News

Cheetahs not on same 'wavelength'

Fri, 21 Mar 2014 05:50
Cheetahs-despondent
Players are doing their own thing
Quote-end

The Cheetahs have gone from heroes to zeroes in less than 12 months and everybody is looking for answers.

The men from Bloemfontein, after reaching the play-offs for the first time in 2013, are currently propping up the table - with just one win (15-9 against the Bulls in monsoon-like conditions) from five starts.

However, it is their three-match losing streak on tour in Australasia - where they have conceded an astonishingly 138 points and leaked 19 tries at an average of just over six tries per match - that showed up the biggest decline in their make-up, defence.

At the heart of last year's success was improved defence and conversely that is their biggest weakness in 2014.

They have a tackle success rate of just 86.6 percent this season, which dropped to 85 percent in the demoralising 27-60 loss to the Hurricanes last week - where they slipped 31 tackles.

Backline coach Hawies Fourie feels that both on defence and attack the Cheetahs have simply not been good enough this season.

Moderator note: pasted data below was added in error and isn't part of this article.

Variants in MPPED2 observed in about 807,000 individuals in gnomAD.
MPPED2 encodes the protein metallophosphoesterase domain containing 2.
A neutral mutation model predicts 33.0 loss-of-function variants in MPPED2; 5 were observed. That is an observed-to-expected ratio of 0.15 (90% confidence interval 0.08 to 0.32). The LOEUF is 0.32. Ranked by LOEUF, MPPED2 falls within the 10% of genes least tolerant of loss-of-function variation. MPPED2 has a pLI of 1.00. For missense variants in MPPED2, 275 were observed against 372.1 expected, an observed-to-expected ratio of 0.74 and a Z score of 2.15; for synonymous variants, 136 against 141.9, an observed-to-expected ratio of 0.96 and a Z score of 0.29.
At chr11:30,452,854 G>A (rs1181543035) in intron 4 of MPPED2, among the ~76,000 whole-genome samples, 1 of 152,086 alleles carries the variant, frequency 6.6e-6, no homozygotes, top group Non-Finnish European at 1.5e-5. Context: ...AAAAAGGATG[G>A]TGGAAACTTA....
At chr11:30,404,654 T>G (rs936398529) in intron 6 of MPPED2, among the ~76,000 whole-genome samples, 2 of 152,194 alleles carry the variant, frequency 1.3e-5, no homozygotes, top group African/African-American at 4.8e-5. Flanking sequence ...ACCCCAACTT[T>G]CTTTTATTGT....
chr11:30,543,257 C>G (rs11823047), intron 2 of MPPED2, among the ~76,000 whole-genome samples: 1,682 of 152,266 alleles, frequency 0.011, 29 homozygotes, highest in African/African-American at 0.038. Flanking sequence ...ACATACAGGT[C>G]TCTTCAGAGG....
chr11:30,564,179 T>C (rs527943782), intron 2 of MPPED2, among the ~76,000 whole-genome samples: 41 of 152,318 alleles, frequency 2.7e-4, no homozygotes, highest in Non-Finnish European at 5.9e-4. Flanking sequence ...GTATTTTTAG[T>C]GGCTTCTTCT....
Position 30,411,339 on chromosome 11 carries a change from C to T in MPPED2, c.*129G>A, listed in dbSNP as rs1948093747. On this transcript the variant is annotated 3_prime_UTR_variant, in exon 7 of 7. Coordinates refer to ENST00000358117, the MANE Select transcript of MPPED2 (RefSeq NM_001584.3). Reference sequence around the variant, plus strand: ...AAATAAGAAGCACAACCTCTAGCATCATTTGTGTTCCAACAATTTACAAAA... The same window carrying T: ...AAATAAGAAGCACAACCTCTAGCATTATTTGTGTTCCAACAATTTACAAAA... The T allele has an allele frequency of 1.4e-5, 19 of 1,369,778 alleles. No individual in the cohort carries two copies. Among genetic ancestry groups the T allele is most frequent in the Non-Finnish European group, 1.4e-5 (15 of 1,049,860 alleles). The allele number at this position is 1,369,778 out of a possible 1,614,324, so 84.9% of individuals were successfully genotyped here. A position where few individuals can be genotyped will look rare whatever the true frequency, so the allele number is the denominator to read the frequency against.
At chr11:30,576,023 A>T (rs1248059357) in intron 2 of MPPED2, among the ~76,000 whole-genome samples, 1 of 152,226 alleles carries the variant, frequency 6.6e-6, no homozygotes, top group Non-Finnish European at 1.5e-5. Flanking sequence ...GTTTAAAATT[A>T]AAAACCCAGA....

He spoke of turning over too much possession, but felt the real problem is in their disjointed approach on defence.

"This [past] weekend we retained the ball better against the Hurricanes in the first half, but after the break we again conceded turnovers too easily," Fourie told this website in an interview ahead of their final tour match - against the Blues in Auckland on Saturday.

However, a far bigger issue for Fourie is that he feels on defence everybody are simply not on the same wavelength all the time.

"It doesn't help when players are under pressure and every player is trying to do his own thing," he told this website.

"You have to work as a team [unit] on defence, work with the guys next to you in units of three.

"It is vital that we get on the same wavelength.

"We worked hard on that [aspect] last week and again this week, so we hope it will improve dramatically [against the Blues] on Saturday."

By Jan de Koning

RELATED ARTICLES